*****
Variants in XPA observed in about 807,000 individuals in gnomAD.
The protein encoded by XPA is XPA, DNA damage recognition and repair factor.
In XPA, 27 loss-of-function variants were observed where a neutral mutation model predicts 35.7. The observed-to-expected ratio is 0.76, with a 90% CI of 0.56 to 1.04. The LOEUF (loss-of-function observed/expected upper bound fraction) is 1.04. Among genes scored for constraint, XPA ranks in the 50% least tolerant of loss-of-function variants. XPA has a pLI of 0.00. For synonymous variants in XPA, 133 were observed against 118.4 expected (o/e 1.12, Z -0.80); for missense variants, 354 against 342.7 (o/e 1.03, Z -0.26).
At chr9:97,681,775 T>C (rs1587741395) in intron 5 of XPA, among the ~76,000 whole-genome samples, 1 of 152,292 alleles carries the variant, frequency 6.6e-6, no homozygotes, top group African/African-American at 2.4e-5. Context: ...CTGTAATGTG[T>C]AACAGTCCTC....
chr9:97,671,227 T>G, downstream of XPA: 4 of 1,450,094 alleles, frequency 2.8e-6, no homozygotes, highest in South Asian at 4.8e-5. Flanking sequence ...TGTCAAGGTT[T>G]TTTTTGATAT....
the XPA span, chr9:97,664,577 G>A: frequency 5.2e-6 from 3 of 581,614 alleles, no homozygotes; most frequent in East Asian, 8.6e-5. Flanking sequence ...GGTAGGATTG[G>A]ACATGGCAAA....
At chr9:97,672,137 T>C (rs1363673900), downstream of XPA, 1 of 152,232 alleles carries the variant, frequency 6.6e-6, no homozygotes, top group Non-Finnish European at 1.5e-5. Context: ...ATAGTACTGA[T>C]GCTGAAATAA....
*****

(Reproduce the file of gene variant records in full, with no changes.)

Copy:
Variants in XPA observed in about 807,000 individuals in gnomAD.
The protein encoded by XPA is XPA, DNA damage recognition and repair factor.
In XPA, 27 loss-of-function variants were observed where a neutral mutation model predicts 35.7. The observed-to-expected ratio is 0.76, with a 90% CI of 0.56 to 1.04. The LOEUF (loss-of-function observed/expected upper bound fraction) is 1.04. Among genes scored for constraint, XPA ranks in the 50% least tolerant of loss-of-function variants. XPA has a pLI of 0.00. For synonymous variants in XPA, 133 were observed against 118.4 expected (o/e 1.12, Z -0.80); for missense variants, 354 against 342.7 (o/e 1.03, Z -0.26).
At chr9:97,681,775 T>C (rs1587741395) in intron 5 of XPA, among the ~76,000 whole-genome samples, 1 of 152,292 alleles carries the variant, frequency 6.6e-6, no homozygotes, top group African/African-American at 2.4e-5. Context: ...CTGTAATGTG[T>C]AACAGTCCTC....
chr9:97,671,227 T>G, downstream of XPA: 4 of 1,450,094 alleles, frequency 2.8e-6, no homozygotes, highest in South Asian at 4.8e-5. Flanking sequence ...TGTCAAGGTT[T>G]TTTTTGATAT....
the XPA span, chr9:97,664,577 G>A: frequency 5.2e-6 from 3 of 581,614 alleles, no homozygotes; most frequent in East Asian, 8.6e-5. Flanking sequence ...GGTAGGATTG[G>A]ACATGGCAAA....
At chr9:97,672,137 T>C (rs1363673900), downstream of XPA, 1 of 152,232 alleles carries the variant, frequency 6.6e-6, no homozygotes, top group Non-Finnish European at 1.5e-5. Context: ...ATAGTACTGA[T>C]GCTGAAATAA....